I've been thinking about malfunctions a lot lately. In the training environment and at the static range malfunctions are frankly rare for me as I suspect they are for most of you reading this.
Any quality firearm, well maintained, is going to have relatively few malfunctions. That said I see malfunctions often enough in gunfight videos and reports to know that they do happen and when they do they can make the difference between winning and losing.
I wanted to distill 3 important lessons about these failures and clearing malfunctions for each of us.
1: Stress and Compromised Grip/Position Can Cause Malfunctions
The odds of a compromised grip, one-handed shooting, and a high stress level are all much higher in actual life-threatening encounters and all of those things can lead to malfunctions.
I'm not suggesting you practice shooting with a compromised grip; I am suggesting that despite your normal experience with your carry gun and ammo you shouldn't rule out the possibility of a malfunction in your future gunfight due to the increased likelihood of a compromised grip.
2: Malfunction Clearing Is A Under Practiced Skill
Most of us don't incur a lot of malfunctions in our average range practice session and when we do we are often in no hurry to clear them.
You might even find yourself in a range or class where students are discouraged from clearing their own malfunctions. As such most don't build strong habits of clearing them.
I'll make some specific suggestions below but the point is that if malfunction clearing isn't a part of your regular practice routine it should be.
3: You Can Train Malfunction Clearing in Dry Fire
Since most of us conduct a good amount of our firearm handling practice dry in our own homes it is worth pointing out that even in dry fire you can practice malfunction clearing. More tips are below.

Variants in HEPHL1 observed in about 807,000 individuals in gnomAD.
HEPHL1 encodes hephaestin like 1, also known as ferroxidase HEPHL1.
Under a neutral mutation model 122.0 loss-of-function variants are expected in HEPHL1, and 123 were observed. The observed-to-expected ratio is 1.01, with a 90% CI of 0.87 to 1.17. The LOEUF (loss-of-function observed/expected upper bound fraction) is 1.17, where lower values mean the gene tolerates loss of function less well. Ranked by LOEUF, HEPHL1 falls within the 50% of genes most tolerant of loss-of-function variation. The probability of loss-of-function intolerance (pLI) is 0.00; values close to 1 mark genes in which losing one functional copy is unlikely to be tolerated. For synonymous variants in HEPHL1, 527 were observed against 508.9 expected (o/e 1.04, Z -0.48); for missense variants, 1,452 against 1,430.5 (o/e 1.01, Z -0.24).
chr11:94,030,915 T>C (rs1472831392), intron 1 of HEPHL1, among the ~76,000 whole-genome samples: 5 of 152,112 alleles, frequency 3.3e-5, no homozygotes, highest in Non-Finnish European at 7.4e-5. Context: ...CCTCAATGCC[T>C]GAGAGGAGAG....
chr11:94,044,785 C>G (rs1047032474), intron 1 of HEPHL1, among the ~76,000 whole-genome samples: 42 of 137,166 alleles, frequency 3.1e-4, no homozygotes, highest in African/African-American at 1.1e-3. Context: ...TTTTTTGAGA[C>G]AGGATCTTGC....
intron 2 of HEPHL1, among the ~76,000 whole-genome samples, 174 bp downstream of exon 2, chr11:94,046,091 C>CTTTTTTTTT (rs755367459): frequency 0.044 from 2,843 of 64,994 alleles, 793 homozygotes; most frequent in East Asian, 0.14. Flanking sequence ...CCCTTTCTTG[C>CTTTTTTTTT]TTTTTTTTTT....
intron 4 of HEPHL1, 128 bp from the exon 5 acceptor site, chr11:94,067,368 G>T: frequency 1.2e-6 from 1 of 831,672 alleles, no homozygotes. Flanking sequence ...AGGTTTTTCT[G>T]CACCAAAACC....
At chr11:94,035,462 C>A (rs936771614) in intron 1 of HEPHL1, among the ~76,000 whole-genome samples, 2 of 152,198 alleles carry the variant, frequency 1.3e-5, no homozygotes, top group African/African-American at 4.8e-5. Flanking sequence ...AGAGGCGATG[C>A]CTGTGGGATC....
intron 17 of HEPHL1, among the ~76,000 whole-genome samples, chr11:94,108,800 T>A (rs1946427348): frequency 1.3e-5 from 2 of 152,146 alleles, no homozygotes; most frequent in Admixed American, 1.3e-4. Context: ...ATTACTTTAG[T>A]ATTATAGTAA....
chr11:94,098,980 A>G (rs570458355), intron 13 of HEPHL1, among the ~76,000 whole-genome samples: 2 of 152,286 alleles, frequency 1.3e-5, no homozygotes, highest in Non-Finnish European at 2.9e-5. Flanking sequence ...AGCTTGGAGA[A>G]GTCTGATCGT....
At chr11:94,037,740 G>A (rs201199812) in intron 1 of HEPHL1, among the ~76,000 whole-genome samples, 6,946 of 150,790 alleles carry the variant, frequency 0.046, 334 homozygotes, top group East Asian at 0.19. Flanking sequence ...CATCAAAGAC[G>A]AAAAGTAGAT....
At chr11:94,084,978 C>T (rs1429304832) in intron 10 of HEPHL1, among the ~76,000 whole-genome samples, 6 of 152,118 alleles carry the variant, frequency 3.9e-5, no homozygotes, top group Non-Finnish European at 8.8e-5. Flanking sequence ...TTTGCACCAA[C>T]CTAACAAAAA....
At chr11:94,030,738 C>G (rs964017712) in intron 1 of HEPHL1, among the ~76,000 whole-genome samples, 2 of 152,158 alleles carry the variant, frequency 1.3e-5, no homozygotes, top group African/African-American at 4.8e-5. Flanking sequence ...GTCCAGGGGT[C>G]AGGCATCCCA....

To keep with the theme of 3 here; below I'm recommending 3 tools that can all be utilized to practice clearing malfunctions in dry and/or live fire.
1: BarrelBlok is Huge.
Utilizing BarrelBlok and the included MagBloks you can practice clearing stove pipes, failures to fire, and even a double-feed. The BarrelBlok website has some training videos showing you how to set up the drill and practice the clearance.
2: Dummy Rounds are Critical.
Obviously, you can set up and practice some malfunction clearing in dry fire with dummy rounds but these training tools really shine in live fire. Next time you go to the range load one or more dummy rounds into your magazine along with live rounds and during the course of fire, you will encounter some failures to fire and be presented with the opportunity to practice how to clear Type 1 and Type 2 malfunctions!
3: The Type 3 Malfunction Round.
Double feeds, or type 3 malfunctions, are the worst gun stoppers. The clearance technique is different from the more common type 1 and type 2 failures and a little more complex. Luckily the Type 3 Malfunction Round is an available tool that can be loaded into your magazine (like the dummy rounds discussed above) that will induce a double feed during the course of live fire. Makes for a great practice session!
Have the right tools to practice malfunction clearing and work it into your regular dry and live fire practice sessions!